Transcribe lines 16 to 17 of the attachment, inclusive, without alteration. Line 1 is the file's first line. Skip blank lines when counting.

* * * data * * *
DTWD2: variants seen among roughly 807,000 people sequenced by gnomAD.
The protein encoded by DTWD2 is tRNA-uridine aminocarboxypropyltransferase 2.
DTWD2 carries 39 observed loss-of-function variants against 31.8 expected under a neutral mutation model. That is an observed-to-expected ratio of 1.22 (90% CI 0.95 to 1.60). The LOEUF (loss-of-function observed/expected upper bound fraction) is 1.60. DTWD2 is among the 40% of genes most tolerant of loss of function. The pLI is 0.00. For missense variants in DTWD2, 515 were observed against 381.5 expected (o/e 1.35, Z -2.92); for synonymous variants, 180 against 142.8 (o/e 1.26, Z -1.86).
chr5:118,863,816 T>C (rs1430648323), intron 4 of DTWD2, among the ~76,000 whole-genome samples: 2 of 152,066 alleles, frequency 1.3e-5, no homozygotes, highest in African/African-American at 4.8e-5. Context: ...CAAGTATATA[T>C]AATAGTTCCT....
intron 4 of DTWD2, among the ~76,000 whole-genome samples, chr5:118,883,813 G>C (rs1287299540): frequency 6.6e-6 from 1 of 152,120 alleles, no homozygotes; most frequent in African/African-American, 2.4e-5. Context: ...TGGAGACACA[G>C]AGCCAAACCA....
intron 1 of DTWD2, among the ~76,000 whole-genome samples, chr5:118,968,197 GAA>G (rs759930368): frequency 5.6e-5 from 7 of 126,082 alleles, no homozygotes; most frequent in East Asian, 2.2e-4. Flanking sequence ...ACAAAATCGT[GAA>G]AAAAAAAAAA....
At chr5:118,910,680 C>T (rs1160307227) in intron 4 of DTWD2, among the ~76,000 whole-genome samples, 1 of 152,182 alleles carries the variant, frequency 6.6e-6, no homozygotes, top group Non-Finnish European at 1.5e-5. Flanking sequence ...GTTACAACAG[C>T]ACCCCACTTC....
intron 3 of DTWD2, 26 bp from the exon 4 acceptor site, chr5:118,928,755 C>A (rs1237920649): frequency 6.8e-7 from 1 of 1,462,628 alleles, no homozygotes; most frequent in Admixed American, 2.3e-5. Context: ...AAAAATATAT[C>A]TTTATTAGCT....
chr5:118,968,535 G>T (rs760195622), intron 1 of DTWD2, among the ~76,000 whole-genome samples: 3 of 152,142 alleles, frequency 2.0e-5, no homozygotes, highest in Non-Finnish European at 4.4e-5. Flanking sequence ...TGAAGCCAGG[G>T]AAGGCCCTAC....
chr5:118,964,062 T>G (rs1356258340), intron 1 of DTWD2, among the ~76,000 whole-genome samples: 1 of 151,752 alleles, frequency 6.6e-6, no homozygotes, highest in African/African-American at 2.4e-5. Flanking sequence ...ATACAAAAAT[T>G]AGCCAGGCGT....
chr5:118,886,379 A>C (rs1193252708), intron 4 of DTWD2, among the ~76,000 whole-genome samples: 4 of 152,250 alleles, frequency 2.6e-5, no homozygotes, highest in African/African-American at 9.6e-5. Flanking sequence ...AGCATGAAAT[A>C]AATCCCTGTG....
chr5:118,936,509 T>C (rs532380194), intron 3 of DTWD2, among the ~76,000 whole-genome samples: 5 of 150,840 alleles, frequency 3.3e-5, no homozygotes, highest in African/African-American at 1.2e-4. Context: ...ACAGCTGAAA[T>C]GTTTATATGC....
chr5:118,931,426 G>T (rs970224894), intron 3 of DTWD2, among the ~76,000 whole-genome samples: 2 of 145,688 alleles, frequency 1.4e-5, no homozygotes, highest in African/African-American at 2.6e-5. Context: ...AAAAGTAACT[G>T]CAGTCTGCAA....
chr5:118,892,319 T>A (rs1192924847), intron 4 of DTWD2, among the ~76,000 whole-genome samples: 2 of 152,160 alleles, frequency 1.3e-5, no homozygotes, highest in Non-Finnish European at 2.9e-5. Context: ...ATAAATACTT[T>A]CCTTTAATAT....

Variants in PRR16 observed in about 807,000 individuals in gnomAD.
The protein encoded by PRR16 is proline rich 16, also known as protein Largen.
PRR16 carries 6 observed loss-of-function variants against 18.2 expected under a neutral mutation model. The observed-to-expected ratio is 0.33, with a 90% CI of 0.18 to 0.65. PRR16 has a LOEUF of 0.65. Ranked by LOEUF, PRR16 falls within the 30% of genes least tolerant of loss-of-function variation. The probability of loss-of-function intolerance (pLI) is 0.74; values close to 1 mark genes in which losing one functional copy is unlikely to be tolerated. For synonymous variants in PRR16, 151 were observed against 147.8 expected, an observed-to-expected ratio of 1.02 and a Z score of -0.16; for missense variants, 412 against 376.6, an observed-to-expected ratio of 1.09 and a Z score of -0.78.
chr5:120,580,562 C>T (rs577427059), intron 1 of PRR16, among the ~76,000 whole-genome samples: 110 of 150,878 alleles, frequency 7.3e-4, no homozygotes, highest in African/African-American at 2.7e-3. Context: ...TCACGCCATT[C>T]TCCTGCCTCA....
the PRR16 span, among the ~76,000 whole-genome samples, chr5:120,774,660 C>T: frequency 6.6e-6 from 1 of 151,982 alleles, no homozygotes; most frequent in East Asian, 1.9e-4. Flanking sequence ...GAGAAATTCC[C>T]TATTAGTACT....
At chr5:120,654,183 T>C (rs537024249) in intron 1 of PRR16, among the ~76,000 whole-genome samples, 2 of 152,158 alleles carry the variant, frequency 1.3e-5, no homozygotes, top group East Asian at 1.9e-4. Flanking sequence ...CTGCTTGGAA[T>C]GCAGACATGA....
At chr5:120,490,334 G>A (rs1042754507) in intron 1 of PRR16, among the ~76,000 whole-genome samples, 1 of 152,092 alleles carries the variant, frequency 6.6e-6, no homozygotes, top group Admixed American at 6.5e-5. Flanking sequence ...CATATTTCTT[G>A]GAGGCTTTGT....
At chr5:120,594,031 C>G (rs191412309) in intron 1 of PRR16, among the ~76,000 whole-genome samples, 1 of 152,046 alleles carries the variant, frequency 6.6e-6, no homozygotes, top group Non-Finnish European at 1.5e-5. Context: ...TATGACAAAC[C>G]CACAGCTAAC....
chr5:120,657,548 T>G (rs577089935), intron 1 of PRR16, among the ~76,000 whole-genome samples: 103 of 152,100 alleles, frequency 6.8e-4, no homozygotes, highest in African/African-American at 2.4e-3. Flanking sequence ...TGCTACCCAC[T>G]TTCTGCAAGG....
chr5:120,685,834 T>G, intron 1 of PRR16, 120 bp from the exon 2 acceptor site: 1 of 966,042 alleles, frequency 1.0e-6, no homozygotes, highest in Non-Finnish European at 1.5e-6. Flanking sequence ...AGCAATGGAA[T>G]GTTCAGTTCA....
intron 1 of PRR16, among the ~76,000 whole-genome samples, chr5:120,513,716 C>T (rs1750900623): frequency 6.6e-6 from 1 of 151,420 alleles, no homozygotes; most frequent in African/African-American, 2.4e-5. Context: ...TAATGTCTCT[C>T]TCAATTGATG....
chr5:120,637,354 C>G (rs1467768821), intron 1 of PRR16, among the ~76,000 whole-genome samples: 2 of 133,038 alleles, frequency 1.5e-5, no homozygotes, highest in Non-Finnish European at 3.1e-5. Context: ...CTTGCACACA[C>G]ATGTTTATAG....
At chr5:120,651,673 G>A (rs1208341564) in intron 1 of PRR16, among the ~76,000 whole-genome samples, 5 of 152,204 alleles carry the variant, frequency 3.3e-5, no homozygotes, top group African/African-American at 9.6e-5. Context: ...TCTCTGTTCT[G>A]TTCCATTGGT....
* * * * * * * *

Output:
The protein encoded by PRR16 is proline rich 16, also known as protein Largen.
PRR16 carries 6 observed loss-of-function variants against 18.2 expected under a neutral mutation model. The observed-to-expected ratio is 0.33, with a 90% CI of 0.18 to 0.65. PRR16 has a LOEUF of 0.65. Ranked by LOEUF, PRR16 falls within the 30% of genes least tolerant of loss-of-function variation. The probability of loss-of-function intolerance (pLI) is 0.74; values close to 1 mark genes in which losing one functional copy is unlikely to be tolerated. For synonymous variants in PRR16, 151 were observed against 147.8 expected, an observed-to-expected ratio of 1.02 and a Z score of -0.16; for missense variants, 412 against 376.6, an observed-to-expected ratio of 1.09 and a Z score of -0.78.